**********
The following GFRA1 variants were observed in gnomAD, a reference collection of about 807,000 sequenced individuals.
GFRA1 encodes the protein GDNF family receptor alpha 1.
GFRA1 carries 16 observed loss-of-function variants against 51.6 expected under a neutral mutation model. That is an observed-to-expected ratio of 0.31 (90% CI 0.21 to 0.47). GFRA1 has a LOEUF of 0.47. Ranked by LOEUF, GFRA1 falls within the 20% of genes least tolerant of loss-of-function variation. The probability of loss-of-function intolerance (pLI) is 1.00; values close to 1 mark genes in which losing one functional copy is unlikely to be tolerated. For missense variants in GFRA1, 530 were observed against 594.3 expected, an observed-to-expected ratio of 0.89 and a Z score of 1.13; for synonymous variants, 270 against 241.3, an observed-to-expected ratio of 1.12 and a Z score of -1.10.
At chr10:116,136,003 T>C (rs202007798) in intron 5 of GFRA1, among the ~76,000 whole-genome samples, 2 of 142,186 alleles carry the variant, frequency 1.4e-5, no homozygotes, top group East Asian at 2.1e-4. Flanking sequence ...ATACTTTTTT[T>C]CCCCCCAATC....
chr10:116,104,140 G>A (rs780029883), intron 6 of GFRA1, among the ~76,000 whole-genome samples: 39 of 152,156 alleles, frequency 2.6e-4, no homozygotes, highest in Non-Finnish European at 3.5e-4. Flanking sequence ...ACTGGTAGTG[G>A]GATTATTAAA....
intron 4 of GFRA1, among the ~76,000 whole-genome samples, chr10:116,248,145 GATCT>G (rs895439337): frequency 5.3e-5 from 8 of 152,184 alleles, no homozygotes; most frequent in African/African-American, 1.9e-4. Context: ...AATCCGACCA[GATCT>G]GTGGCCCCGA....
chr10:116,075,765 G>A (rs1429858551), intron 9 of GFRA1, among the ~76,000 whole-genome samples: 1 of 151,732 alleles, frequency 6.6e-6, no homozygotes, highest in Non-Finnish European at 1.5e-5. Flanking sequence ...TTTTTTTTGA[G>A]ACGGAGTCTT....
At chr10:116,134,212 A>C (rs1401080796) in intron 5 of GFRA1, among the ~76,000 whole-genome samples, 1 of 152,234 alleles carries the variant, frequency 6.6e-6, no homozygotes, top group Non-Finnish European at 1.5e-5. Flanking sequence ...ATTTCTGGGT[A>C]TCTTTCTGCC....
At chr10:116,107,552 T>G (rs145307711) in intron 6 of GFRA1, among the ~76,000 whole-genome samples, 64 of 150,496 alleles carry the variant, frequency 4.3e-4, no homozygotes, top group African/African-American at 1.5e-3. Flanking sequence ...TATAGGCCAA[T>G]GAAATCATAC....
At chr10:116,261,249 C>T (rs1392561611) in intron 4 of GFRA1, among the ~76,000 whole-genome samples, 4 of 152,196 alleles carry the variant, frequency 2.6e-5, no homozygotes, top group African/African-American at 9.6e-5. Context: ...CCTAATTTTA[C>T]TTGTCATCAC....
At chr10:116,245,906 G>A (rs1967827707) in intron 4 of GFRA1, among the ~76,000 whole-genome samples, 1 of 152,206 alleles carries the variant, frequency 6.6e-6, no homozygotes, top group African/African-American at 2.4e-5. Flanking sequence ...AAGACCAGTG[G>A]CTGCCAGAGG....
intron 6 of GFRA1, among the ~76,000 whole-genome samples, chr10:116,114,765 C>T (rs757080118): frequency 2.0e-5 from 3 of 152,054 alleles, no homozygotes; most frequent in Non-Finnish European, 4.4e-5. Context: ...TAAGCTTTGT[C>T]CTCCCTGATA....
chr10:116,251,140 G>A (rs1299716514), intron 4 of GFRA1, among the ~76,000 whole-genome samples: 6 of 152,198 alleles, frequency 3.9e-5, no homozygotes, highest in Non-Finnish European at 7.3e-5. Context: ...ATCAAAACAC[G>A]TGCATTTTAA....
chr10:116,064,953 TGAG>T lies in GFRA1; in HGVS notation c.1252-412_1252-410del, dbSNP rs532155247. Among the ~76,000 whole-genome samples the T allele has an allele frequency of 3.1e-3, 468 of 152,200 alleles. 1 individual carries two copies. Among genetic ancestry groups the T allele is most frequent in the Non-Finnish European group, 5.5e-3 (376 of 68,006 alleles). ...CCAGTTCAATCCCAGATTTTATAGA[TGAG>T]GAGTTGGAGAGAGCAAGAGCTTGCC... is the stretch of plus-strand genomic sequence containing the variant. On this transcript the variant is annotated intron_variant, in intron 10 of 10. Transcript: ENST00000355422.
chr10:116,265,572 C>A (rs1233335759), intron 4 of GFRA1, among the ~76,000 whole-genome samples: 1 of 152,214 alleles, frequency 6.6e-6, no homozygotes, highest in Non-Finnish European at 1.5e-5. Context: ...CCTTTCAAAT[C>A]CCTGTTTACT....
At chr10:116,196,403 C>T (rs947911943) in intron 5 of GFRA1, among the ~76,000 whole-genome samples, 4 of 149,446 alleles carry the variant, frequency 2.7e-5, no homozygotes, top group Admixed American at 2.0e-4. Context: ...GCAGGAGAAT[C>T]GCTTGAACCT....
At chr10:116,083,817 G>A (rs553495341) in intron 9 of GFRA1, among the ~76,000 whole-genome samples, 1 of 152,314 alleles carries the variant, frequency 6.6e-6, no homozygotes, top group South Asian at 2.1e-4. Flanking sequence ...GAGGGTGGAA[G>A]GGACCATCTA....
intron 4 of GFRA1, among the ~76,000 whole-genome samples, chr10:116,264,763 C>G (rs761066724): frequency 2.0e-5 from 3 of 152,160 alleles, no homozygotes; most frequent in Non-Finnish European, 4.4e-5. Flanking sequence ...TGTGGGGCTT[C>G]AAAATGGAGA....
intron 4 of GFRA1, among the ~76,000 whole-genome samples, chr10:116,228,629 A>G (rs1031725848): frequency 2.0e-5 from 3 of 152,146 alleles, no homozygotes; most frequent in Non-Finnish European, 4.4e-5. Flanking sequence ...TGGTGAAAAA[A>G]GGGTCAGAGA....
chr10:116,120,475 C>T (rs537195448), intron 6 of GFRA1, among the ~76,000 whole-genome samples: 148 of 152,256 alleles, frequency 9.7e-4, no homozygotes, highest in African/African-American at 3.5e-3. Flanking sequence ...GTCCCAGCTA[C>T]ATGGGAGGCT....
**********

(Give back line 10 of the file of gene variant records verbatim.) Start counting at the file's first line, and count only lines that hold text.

At chr10:116,261,249 C>T (rs1392561611) in intron 4 of GFRA1, among the ~76,000 whole-genome samples, 4 of 152,196 alleles carry the variant, frequency 2.6e-5, no homozygotes, top group African/African-American at 9.6e-5. Context: ...CCTAATTTTA[C>T]TTGTCATCAC....